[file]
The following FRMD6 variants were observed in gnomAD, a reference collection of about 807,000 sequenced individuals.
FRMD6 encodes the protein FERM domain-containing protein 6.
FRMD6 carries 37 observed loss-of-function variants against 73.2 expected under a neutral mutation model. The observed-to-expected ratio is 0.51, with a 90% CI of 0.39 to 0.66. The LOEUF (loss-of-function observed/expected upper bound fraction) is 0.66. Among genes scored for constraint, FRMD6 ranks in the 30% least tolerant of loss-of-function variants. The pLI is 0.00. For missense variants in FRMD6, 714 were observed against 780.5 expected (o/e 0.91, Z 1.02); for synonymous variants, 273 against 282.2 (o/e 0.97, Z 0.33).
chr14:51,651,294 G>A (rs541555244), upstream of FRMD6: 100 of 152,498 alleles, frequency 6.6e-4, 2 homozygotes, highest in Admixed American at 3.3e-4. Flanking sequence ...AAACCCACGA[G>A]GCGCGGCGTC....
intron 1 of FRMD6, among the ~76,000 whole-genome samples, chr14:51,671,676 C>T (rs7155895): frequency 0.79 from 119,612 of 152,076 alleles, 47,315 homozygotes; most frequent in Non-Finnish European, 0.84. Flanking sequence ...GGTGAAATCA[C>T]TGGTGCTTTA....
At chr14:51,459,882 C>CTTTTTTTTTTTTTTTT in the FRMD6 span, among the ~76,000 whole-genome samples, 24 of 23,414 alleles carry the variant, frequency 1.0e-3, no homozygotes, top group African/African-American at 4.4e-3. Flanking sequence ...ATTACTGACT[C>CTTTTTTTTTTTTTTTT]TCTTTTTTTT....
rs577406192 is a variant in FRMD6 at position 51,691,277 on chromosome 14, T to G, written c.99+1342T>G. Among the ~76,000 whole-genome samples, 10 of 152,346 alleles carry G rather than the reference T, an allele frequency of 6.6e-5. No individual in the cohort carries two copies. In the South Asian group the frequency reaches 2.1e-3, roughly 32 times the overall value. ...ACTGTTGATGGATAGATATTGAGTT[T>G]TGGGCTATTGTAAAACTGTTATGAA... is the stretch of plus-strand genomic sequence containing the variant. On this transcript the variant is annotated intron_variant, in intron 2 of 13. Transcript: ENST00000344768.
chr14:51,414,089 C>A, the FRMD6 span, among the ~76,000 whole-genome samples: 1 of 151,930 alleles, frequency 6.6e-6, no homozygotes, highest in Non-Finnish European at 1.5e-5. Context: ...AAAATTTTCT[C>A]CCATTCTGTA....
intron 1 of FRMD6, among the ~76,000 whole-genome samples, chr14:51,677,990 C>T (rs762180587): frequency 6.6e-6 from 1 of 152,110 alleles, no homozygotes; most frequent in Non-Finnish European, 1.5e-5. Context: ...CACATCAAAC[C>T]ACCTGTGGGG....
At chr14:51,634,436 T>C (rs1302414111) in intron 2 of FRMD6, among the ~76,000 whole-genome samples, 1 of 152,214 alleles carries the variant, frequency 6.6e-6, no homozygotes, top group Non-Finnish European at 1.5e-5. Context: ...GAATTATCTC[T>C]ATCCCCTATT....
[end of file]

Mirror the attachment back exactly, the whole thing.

The following FRMD6 variants were observed in gnomAD, a reference collection of about 807,000 sequenced individuals.
FRMD6 encodes the protein FERM domain-containing protein 6.
FRMD6 carries 37 observed loss-of-function variants against 73.2 expected under a neutral mutation model. The observed-to-expected ratio is 0.51, with a 90% CI of 0.39 to 0.66. The LOEUF (loss-of-function observed/expected upper bound fraction) is 0.66. Among genes scored for constraint, FRMD6 ranks in the 30% least tolerant of loss-of-function variants. The pLI is 0.00. For missense variants in FRMD6, 714 were observed against 780.5 expected (o/e 0.91, Z 1.02); for synonymous variants, 273 against 282.2 (o/e 0.97, Z 0.33).
chr14:51,651,294 G>A (rs541555244), upstream of FRMD6: 100 of 152,498 alleles, frequency 6.6e-4, 2 homozygotes, highest in Admixed American at 3.3e-4. Flanking sequence ...AAACCCACGA[G>A]GCGCGGCGTC....
intron 1 of FRMD6, among the ~76,000 whole-genome samples, chr14:51,671,676 C>T (rs7155895): frequency 0.79 from 119,612 of 152,076 alleles, 47,315 homozygotes; most frequent in Non-Finnish European, 0.84. Flanking sequence ...GGTGAAATCA[C>T]TGGTGCTTTA....
At chr14:51,459,882 C>CTTTTTTTTTTTTTTTT in the FRMD6 span, among the ~76,000 whole-genome samples, 24 of 23,414 alleles carry the variant, frequency 1.0e-3, no homozygotes, top group African/African-American at 4.4e-3. Flanking sequence ...ATTACTGACT[C>CTTTTTTTTTTTTTTTT]TCTTTTTTTT....
rs577406192 is a variant in FRMD6 at position 51,691,277 on chromosome 14, T to G, written c.99+1342T>G. Among the ~76,000 whole-genome samples, 10 of 152,346 alleles carry G rather than the reference T, an allele frequency of 6.6e-5. No individual in the cohort carries two copies. In the South Asian group the frequency reaches 2.1e-3, roughly 32 times the overall value. ...ACTGTTGATGGATAGATATTGAGTT[T>G]TGGGCTATTGTAAAACTGTTATGAA... is the stretch of plus-strand genomic sequence containing the variant. On this transcript the variant is annotated intron_variant, in intron 2 of 13. Transcript: ENST00000344768.
chr14:51,414,089 C>A, the FRMD6 span, among the ~76,000 whole-genome samples: 1 of 151,930 alleles, frequency 6.6e-6, no homozygotes, highest in Non-Finnish European at 1.5e-5. Context: ...AAAATTTTCT[C>A]CCATTCTGTA....
intron 1 of FRMD6, among the ~76,000 whole-genome samples, chr14:51,677,990 C>T (rs762180587): frequency 6.6e-6 from 1 of 152,110 alleles, no homozygotes; most frequent in Non-Finnish European, 1.5e-5. Context: ...CACATCAAAC[C>T]ACCTGTGGGG....
At chr14:51,634,436 T>C (rs1302414111) in intron 2 of FRMD6, among the ~76,000 whole-genome samples, 1 of 152,214 alleles carries the variant, frequency 6.6e-6, no homozygotes, top group Non-Finnish European at 1.5e-5. Context: ...GAATTATCTC[T>C]ATCCCCTATT....